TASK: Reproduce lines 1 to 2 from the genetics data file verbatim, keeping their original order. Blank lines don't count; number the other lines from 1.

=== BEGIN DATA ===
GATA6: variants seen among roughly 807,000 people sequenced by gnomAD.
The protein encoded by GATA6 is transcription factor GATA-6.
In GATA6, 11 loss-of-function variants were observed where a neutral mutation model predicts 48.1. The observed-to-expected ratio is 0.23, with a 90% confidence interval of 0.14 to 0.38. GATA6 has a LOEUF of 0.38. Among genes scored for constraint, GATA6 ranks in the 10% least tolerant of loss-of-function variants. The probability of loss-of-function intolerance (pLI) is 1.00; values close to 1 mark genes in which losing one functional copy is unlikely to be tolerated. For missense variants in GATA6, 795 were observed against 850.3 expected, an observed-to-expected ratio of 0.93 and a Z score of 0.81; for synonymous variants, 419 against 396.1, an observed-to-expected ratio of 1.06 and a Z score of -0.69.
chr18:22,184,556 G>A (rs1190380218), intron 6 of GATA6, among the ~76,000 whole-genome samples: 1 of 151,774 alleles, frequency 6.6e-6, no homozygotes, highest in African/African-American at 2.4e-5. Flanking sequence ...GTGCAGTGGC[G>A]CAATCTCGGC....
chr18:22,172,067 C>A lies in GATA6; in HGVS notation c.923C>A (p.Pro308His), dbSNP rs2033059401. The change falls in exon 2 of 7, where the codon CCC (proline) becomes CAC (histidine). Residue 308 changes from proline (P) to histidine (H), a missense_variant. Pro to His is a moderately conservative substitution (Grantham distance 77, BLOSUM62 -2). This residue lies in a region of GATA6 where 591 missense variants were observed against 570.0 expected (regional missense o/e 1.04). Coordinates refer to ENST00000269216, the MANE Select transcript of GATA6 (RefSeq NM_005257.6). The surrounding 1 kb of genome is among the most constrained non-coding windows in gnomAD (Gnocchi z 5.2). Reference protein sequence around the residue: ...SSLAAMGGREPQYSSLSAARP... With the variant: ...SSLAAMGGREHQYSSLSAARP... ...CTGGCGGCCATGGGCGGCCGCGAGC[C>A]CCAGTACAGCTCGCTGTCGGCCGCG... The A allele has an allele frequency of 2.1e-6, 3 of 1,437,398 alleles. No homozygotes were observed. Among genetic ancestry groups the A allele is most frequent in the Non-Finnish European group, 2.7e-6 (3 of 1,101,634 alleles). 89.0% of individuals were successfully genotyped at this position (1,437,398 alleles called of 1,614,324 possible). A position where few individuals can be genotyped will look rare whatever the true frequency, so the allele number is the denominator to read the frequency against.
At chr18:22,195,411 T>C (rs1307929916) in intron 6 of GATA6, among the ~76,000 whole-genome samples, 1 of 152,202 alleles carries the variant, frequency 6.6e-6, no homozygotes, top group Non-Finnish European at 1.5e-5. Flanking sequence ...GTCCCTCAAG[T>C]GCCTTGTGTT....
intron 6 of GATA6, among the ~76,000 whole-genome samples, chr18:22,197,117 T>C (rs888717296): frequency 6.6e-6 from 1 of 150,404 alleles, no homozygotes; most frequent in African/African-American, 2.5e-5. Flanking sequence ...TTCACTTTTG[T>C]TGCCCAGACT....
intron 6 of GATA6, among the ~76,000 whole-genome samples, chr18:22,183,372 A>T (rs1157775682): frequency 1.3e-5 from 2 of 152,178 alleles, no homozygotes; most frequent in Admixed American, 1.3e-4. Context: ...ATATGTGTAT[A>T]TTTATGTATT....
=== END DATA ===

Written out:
GATA6: variants seen among roughly 807,000 people sequenced by gnomAD.
The protein encoded by GATA6 is transcription factor GATA-6.